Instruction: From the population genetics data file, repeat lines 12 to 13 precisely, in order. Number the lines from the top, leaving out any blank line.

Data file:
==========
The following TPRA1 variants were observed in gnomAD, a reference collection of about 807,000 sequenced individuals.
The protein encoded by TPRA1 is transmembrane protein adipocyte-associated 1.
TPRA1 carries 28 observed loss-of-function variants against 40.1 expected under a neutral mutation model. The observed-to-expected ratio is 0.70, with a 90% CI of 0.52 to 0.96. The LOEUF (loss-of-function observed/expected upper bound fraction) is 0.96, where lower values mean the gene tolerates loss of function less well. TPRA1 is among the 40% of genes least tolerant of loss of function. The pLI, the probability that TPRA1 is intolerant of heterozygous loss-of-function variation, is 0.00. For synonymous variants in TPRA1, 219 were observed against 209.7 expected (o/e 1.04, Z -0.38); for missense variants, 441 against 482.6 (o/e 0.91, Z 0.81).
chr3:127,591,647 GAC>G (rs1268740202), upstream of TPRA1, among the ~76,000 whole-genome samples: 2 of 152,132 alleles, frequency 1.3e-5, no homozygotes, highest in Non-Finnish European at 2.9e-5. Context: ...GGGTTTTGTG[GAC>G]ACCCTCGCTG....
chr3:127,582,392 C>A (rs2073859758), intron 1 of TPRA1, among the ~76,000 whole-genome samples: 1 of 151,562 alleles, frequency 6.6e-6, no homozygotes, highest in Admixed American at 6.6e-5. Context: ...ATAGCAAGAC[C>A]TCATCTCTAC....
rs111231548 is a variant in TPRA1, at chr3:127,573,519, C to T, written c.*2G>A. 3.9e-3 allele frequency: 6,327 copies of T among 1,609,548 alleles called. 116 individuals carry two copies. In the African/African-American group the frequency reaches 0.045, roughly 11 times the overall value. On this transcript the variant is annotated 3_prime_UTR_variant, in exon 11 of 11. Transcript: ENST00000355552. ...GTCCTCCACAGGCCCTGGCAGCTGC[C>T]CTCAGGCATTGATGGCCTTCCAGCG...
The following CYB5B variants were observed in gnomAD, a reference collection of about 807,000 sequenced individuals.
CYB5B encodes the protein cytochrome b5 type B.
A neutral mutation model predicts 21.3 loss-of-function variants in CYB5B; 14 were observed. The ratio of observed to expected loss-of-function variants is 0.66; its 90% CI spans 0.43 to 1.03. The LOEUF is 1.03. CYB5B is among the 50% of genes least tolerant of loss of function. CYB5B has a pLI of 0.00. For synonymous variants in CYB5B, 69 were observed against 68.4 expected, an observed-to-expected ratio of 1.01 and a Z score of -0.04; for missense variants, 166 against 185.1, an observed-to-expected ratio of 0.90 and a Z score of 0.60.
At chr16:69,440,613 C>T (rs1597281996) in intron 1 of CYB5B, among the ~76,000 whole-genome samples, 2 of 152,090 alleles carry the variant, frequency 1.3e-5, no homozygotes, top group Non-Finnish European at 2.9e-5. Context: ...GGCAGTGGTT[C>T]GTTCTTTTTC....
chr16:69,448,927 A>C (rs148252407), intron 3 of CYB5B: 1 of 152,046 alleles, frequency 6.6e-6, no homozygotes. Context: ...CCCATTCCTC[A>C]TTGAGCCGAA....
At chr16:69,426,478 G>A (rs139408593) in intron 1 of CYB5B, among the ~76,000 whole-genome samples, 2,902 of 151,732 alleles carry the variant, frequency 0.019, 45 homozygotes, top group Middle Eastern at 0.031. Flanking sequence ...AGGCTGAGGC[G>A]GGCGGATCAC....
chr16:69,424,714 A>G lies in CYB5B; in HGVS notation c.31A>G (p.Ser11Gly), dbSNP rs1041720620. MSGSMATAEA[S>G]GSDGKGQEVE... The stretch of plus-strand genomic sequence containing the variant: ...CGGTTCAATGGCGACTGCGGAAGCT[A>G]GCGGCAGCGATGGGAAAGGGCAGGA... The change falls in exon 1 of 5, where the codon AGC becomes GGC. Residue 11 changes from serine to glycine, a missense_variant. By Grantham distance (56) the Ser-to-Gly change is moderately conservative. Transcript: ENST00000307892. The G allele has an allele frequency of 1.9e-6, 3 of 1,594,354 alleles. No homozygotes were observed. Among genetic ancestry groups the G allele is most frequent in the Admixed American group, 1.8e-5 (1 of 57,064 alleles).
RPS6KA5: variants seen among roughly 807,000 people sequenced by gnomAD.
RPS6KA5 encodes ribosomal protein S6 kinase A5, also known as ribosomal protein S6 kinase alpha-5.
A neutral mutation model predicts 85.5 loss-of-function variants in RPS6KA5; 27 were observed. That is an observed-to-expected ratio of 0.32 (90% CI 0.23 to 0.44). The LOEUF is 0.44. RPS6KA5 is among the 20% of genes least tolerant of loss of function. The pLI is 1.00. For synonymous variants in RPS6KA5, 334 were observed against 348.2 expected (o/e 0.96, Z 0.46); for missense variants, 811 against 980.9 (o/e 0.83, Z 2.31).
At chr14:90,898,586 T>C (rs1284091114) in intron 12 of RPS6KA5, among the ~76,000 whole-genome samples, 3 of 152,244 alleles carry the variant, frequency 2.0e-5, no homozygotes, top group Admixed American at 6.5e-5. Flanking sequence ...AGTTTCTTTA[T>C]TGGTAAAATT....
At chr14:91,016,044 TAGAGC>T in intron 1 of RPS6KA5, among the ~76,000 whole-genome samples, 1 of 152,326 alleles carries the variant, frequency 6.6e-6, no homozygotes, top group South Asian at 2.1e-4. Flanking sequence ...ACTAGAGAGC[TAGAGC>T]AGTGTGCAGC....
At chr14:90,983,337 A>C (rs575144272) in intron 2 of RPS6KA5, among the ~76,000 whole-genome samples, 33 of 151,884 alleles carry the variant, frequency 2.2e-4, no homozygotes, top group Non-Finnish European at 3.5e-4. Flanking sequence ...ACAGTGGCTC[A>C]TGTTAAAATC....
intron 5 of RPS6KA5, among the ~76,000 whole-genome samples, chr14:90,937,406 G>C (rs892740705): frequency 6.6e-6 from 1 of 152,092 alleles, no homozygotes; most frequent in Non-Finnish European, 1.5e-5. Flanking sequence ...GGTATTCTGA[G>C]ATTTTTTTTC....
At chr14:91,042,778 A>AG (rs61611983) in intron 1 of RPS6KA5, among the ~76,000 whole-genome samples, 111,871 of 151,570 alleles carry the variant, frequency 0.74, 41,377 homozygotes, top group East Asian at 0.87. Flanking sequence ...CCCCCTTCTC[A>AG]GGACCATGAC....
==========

At chr16:69,426,478 G>A (rs139408593) in intron 1 of CYB5B, among the ~76,000 whole-genome samples, 2,902 of 151,732 alleles carry the variant, frequency 0.019, 45 homozygotes, top group Middle Eastern at 0.031. Flanking sequence ...AGGCTGAGGC[G>A]GGCGGATCAC....
chr16:69,424,714 A>G lies in CYB5B; in HGVS notation c.31A>G (p.Ser11Gly), dbSNP rs1041720620. MSGSMATAEA[S>G]GSDGKGQEVE... The stretch of plus-strand genomic sequence containing the variant: ...CGGTTCAATGGCGACTGCGGAAGCT[A>G]GCGGCAGCGATGGGAAAGGGCAGGA... The change falls in exon 1 of 5, where the codon AGC becomes GGC. Residue 11 changes from serine to glycine, a missense_variant. By Grantham distance (56) the Ser-to-Gly change is moderately conservative. Transcript: ENST00000307892. The G allele has an allele frequency of 1.9e-6, 3 of 1,594,354 alleles. No homozygotes were observed. Among genetic ancestry groups the G allele is most frequent in the Admixed American group, 1.8e-5 (1 of 57,064 alleles).